Close to half of all American families have outstanding student loan debt. Not only has the number of debtors increased, but the average debt burden has swollen considerably, especially for young adults. And that fact is already starting to have negative repercussions, for families and for the economy.

The average class of 2015 graduate holds roughly $35,000 in student loan debt alone.[1] Adjusting for inflation, that’s almost twice the amount that the average graduate owed in 1995, and over $14,000 more than the class of 2005.[2]

Holding this rapidly multiplying amount of debt has serious financial implications for recent graduates and young adults. Median net worth of young households is a full seven times greater for those without student debt ($64,700) than those with student debt ($8,700).[3] Student debtor households tend to owe relatively large amounts of other debt too, like car loans and credit card debt. And a recent study from UNC Greensboro and the Federal Reserve Board found that “more student debt is associated with higher probability of being credit constrained and greater likelihood of declaring bankruptcy…homeownership rates may also be affected.”[4]

(Rising student loan debt isn’t just a problem for recent graduates, by the way. The majority of people paying student loan debt are over 30. Additionally, “thirty-six percent of families in a household headed by someone ages 45 to 54, 29 percent of families in a household headed by someone ages 55 to 64, and 13.3 percent of families in which the head of household is between the ages of 65 and 74 hold student debt.”[5] Six percent of the individuals who owe education debt hold that debt for their child or grandchild. And young adults are increasingly likely to stay in their childhood homes for financial – often debt-related – reasons.)

North Carolina is currently below the national average for student loan debt, but that doesn’t make it immune from these economic realities. In the 2013-2014 academic year, 61 percent of North Carolina college students graduated with student loan debt,[6] and that debt averaged just over $24,000.[7] That same year, 12.4 percent of North Carolina debt holders defaulted on their loans.[8]

The state of student loan debt starts to come into focus in the context of rising tuition costs. In the 2004-05 academic year, no North Carolina school charged more than $5,000 for tuition and fees. By 2014-15, 12 schools did, and 3 of those charge more than $8,000. We’ve seen an overall increase of 74 percent in 10 years. State funding for our public colleges and universities has increased by only 52 percent in the same time, and by only 2 percent since 2008.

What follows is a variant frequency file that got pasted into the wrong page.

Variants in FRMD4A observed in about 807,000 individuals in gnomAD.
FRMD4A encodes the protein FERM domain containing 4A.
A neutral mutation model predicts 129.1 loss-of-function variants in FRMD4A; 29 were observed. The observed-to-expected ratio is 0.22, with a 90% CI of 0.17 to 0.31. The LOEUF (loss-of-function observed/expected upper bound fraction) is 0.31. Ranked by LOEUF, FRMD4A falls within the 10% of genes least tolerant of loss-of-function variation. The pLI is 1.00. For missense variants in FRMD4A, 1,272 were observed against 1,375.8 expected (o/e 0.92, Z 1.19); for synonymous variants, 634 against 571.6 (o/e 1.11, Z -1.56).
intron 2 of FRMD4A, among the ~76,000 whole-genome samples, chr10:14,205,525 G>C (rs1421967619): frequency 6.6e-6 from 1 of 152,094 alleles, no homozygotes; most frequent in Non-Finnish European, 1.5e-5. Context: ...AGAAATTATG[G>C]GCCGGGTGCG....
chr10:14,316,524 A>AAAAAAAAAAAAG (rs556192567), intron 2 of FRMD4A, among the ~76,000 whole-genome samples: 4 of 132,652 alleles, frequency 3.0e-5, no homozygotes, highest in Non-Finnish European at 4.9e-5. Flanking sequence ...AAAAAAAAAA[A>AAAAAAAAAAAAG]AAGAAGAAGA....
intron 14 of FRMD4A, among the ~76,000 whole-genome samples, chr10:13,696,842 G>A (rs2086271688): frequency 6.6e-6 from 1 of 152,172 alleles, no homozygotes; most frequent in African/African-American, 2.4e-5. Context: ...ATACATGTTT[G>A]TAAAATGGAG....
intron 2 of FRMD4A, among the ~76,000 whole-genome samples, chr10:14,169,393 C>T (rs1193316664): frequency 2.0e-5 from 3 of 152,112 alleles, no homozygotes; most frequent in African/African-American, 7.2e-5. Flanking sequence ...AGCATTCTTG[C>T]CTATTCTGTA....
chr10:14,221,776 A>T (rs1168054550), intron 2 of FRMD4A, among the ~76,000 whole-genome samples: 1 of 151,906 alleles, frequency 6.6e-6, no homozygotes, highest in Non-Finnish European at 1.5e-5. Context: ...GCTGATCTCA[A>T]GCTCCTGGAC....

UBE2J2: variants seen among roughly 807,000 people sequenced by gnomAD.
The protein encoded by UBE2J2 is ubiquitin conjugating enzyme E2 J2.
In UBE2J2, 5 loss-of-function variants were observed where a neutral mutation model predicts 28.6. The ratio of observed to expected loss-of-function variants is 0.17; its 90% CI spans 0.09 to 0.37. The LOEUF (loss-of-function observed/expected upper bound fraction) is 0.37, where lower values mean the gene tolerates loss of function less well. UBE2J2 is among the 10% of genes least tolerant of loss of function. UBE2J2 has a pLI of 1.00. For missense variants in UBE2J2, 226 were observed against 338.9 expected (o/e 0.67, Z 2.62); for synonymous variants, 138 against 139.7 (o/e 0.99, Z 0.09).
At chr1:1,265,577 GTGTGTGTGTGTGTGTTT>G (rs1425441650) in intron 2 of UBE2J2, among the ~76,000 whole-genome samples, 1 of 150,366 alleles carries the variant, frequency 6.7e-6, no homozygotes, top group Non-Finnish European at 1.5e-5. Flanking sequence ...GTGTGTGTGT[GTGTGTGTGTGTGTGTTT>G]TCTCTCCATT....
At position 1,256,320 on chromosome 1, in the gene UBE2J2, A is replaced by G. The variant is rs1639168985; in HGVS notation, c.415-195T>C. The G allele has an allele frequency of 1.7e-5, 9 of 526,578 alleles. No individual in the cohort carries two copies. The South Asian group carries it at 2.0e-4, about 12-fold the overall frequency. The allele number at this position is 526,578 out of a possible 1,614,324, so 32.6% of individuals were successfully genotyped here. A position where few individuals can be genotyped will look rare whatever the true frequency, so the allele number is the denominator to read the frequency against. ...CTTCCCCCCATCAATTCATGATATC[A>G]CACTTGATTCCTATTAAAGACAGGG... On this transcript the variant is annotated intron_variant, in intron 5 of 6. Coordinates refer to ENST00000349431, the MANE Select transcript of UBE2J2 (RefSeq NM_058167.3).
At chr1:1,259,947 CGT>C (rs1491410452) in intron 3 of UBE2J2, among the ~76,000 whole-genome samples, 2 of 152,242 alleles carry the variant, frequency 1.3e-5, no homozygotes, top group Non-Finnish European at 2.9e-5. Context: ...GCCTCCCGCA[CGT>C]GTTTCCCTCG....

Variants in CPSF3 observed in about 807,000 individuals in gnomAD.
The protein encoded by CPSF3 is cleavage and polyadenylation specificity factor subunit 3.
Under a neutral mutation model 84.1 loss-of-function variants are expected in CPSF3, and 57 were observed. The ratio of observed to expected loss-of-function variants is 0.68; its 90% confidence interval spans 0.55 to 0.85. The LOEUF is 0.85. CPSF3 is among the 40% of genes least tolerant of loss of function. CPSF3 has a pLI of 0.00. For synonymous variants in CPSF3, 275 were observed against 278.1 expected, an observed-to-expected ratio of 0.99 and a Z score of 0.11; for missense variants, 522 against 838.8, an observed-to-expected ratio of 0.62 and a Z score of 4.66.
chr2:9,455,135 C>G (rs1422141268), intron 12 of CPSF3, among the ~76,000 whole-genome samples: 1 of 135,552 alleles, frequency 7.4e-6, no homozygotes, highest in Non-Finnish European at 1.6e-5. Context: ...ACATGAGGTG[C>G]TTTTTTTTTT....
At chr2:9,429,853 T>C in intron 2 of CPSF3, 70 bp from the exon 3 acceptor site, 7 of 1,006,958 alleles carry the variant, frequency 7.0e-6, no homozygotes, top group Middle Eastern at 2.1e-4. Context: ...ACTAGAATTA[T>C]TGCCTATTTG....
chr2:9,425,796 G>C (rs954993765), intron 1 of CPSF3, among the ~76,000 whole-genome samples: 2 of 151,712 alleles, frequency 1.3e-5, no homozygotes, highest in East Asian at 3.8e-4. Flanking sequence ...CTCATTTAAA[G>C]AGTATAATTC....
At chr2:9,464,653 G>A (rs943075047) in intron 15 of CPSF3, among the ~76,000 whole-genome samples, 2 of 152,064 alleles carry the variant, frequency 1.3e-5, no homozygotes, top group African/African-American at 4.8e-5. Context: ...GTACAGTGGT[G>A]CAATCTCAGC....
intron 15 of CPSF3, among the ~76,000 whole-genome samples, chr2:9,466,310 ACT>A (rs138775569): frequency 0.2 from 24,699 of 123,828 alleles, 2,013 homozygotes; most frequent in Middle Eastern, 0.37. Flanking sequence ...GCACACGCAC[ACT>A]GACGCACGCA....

NC in-state tuition and fees

 Recent research shows that stagnant or falling state funding is the primary driver behind tuition increases, shifting a higher financial burden onto the students. That shift won’t just result in low-income students getting priced out of quality education. It will also have long-term ramifications on the state economy as students take out more loans and defer milestones like homeownership or even starting their own households.


[1] Sparshott, Jeffrey. (8 May 2015). “Congratulations, Class of 2015. You’re the most indebted ever (for now)”. Real Time Economics, The Wall Street Journal. Available at

[3] Pew Research Center. (15 May 2014). “Young adults, student debt, and economic well-being.” Available at

[4] Thompson, Jeffrey and Gicheva, Dora. (February 2014). The Effects of Student Loans on Long-Term Household Financial Stability. Department of Economics, University of North Carolina at Greensboro. Available at

[5] Valenti, Joe; Edelman, Sarah; and Van Ostern, Tobin. (April 10 2013). “Student-Loan Debt Has a Rippling Negative Effect on the Broader Economy.” Available at

[6] Corporation for Enterprise Development. (2015). Assets and Opportunity Scorecard: College Graduates with Debt. Available at

[7] Corporation for Enterprise Development. (2015). Assets and Opportunity Scorecard: Average College Graduate Debt. Available at

[8]Corporation for Enterprise Development. (2015). Assets and Opportunity Scorecard: Student Loan Default Rate. Available at